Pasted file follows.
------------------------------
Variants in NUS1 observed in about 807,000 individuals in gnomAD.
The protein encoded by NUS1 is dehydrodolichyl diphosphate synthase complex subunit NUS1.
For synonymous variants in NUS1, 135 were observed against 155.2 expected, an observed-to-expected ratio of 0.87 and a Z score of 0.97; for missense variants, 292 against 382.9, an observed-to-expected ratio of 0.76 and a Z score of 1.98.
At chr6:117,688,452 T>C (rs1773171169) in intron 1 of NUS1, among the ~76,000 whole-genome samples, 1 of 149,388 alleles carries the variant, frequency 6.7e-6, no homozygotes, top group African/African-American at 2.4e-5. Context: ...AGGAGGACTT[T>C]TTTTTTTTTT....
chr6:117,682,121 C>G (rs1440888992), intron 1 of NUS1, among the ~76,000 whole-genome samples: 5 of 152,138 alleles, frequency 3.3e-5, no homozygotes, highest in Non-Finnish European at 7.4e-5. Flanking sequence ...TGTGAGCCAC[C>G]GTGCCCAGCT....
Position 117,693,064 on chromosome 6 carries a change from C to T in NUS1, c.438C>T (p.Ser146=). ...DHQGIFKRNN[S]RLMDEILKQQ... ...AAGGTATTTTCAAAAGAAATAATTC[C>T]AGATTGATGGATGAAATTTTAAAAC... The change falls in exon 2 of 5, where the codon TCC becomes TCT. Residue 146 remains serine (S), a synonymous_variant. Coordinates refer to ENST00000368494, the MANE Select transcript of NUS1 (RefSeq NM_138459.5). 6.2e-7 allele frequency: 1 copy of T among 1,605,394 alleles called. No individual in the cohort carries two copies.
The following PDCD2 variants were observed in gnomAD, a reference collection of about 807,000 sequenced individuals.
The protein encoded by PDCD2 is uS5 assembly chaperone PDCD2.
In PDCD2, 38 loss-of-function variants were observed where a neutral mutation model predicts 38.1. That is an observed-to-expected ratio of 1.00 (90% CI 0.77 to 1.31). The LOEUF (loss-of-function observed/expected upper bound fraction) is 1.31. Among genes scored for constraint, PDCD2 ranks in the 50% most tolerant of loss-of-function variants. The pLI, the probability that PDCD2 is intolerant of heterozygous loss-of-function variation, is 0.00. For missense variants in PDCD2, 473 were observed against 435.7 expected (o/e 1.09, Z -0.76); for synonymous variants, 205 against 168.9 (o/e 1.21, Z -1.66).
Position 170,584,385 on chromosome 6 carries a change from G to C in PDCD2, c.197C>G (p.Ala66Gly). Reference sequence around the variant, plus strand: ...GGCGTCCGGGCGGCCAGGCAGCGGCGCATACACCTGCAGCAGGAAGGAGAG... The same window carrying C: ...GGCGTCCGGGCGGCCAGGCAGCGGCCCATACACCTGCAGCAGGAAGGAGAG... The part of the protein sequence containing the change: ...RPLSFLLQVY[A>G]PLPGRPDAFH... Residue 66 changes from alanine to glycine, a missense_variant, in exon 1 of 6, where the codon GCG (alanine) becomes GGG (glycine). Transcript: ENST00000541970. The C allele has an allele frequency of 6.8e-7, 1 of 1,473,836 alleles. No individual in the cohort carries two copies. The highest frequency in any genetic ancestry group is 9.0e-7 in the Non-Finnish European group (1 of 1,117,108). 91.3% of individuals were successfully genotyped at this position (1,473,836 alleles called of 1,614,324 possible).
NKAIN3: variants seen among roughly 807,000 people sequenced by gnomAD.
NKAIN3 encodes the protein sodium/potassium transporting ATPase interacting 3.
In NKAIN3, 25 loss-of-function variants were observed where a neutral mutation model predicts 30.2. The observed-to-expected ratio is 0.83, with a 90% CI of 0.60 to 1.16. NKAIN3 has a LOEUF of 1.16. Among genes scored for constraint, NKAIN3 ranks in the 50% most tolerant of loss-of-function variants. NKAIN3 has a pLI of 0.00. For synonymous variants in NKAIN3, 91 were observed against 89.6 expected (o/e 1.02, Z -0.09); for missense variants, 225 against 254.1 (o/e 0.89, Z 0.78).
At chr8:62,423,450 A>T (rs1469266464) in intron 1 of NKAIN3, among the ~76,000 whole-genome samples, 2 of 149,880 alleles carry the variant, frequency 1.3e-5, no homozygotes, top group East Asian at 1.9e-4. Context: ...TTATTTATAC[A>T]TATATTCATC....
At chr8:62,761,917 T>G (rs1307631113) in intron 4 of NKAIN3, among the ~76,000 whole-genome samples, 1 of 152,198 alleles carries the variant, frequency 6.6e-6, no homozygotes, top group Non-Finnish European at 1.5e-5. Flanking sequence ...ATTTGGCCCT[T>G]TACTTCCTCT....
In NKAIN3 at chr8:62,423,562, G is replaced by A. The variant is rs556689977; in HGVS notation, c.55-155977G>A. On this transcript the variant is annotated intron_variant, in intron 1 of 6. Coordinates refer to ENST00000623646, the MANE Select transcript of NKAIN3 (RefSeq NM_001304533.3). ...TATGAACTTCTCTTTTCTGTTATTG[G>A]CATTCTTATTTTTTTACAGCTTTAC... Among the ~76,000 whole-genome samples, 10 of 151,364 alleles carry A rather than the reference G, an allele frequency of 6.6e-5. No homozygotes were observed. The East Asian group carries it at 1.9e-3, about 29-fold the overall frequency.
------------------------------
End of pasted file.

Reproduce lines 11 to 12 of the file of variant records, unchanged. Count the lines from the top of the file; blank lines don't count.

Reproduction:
NKAIN3: variants seen among roughly 807,000 people sequenced by gnomAD.
NKAIN3 encodes the protein sodium/potassium transporting ATPase interacting 3.